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Movie Review
By Fabricio Estevam Mira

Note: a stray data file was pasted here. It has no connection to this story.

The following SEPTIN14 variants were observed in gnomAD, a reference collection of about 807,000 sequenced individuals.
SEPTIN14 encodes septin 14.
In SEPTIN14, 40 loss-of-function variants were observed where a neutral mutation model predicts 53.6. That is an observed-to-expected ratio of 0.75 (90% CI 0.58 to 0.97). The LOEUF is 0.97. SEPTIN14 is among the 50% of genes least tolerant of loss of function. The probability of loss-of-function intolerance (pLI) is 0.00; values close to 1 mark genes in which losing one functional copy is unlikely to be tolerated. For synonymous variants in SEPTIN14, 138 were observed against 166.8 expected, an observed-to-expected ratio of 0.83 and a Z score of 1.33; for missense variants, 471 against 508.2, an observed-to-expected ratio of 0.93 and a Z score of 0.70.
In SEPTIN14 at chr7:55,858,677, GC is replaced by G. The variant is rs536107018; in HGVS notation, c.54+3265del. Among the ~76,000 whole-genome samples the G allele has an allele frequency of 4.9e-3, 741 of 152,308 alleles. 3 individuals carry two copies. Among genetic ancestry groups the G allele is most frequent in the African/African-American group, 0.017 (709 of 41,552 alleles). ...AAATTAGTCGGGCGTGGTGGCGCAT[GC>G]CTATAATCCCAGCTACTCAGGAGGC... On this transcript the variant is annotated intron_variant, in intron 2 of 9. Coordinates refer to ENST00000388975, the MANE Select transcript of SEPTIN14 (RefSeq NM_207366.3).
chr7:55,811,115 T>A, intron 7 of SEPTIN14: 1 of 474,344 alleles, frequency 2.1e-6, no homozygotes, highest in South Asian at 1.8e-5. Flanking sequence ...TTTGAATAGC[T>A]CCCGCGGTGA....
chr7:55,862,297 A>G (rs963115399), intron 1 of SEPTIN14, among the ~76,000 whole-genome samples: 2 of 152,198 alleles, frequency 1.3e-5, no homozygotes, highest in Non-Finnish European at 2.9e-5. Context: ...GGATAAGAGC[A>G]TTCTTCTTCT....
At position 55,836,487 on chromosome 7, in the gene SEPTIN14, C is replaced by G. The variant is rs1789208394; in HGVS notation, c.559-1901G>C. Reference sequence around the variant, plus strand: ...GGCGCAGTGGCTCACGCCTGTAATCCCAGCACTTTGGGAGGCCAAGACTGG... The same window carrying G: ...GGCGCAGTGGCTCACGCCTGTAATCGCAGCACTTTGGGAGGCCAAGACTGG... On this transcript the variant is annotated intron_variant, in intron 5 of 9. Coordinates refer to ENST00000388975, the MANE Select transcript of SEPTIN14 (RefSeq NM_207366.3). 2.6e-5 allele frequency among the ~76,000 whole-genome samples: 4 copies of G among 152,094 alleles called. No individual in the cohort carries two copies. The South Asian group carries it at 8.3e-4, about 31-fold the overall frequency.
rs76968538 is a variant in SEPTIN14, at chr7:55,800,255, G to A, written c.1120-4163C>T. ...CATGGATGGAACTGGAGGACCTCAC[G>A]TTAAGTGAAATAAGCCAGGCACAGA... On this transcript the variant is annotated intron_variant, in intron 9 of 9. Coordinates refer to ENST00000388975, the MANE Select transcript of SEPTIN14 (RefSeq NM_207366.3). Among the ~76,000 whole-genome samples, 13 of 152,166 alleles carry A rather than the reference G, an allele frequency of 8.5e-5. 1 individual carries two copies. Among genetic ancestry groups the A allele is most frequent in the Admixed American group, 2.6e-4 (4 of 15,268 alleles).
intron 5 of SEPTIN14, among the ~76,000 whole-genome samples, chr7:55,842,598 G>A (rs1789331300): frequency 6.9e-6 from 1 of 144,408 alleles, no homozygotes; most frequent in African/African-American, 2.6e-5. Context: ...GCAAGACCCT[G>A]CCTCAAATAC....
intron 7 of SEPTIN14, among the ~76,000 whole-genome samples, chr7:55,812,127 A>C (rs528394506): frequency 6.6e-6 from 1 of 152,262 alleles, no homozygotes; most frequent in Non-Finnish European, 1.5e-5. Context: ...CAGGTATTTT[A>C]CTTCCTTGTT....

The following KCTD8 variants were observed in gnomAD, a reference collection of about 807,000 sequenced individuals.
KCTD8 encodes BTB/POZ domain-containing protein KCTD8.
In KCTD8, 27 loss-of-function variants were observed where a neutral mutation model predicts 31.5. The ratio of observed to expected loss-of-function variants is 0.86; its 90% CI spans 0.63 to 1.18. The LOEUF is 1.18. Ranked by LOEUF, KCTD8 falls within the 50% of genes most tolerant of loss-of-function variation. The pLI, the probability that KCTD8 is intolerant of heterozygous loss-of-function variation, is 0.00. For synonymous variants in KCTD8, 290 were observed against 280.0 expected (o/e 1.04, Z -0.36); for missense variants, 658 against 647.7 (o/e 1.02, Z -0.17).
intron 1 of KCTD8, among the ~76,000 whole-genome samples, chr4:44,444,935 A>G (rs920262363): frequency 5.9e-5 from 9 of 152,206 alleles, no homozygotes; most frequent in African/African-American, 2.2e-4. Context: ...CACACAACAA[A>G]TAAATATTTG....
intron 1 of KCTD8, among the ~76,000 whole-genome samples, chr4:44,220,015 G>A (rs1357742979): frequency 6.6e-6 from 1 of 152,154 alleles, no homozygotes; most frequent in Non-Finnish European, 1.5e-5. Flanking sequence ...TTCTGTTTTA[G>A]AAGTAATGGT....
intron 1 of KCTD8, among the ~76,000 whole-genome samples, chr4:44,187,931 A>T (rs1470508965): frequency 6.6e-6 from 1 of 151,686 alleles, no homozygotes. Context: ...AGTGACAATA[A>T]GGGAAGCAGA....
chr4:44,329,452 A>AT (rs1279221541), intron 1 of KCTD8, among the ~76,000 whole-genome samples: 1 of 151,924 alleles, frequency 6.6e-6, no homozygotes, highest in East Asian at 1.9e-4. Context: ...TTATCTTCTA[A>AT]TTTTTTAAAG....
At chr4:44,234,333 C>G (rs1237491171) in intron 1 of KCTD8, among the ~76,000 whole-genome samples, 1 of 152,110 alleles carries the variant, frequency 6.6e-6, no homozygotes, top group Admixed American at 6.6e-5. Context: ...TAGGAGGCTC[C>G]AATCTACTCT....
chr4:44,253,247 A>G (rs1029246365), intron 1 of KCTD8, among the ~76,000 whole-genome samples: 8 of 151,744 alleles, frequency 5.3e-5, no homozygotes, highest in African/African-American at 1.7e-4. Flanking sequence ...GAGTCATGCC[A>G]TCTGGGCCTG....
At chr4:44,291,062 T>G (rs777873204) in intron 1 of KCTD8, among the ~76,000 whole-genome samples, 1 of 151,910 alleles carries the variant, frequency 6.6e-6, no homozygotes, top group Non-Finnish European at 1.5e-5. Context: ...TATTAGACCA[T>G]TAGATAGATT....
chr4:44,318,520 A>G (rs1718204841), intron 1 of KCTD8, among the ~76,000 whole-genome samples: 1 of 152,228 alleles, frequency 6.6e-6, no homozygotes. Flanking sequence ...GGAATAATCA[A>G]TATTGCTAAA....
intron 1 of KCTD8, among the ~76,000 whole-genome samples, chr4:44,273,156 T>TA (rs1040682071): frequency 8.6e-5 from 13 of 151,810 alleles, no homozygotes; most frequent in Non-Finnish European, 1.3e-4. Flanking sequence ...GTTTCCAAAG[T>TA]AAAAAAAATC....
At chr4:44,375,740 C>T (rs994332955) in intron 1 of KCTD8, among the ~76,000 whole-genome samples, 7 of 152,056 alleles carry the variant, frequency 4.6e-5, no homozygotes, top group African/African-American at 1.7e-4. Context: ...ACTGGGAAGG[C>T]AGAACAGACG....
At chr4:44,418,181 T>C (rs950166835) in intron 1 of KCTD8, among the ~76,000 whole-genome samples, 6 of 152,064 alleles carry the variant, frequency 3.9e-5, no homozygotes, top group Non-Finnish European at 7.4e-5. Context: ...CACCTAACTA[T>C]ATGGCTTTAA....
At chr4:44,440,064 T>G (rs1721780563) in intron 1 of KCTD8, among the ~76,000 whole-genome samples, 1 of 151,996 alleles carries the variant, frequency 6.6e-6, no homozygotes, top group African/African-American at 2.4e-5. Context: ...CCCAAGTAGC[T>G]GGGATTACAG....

There are personal experiences that invert all expectations. They tear you away from the flow of safe and familiar currents and immerse you in a reality that has always been there, but that you have never seen. That you never wanted to see or, at most, only expected to see at the end of everything. What can happen when what many adults will never be prepared to know happens to a child? How much will this initial path be influenced and what paths will be opened, closed, or reimagined by this moment of singularity? This is the starting point of the film Memory of Water, by filmmaker, musician, and V.J Michael Lasserre. In the film, young Loïc, distracted playing with a soccer ball, falls into the pool of his house. Motionless in perplexity, he contemplates his own drowning, the revealed fear that loosens and, floating above all, a state of peace that kisses ecstasy. A detachment from oneself, covered by the embrace of water, which places him, for seconds unfolding like fractals, in a floating womb beyond time, known only to saints, artists, madmen, and drug users, who will almost always in vain try to touch the golden crown again. The boy Loïc becomes the adult Loïc, immersed in art and in himself, each day farther from an external world continuously stranger, blurred and noisy, like static that once was music. Loïc is alien among his own, and his world oscillates between that point of clarity in childhood, long gone, and the longing of one who feels that at the next turn in the labyrinth, all labels will be torn off and the hidden obvious will smile at him. But he knows that the last censorship does not go away without absolute detachment. From others and, entirely, from himself. That's why he sets off aimlessly to where he always wanted to go since that fall. A silent pilgrimage with his motorcycle, through beautiful and lonely landscapes. An animal that knows, seeks, and desires, the violence that comes before the memory of the waters. Lasserre's work unfolds unhurriedly. In contemplation in obsessive acts. In the shock of those around, transposed into text messages. In the beautiful photography and the soundtrack often almost inaudible, but always there. A film to be seen calmly and in introspection.

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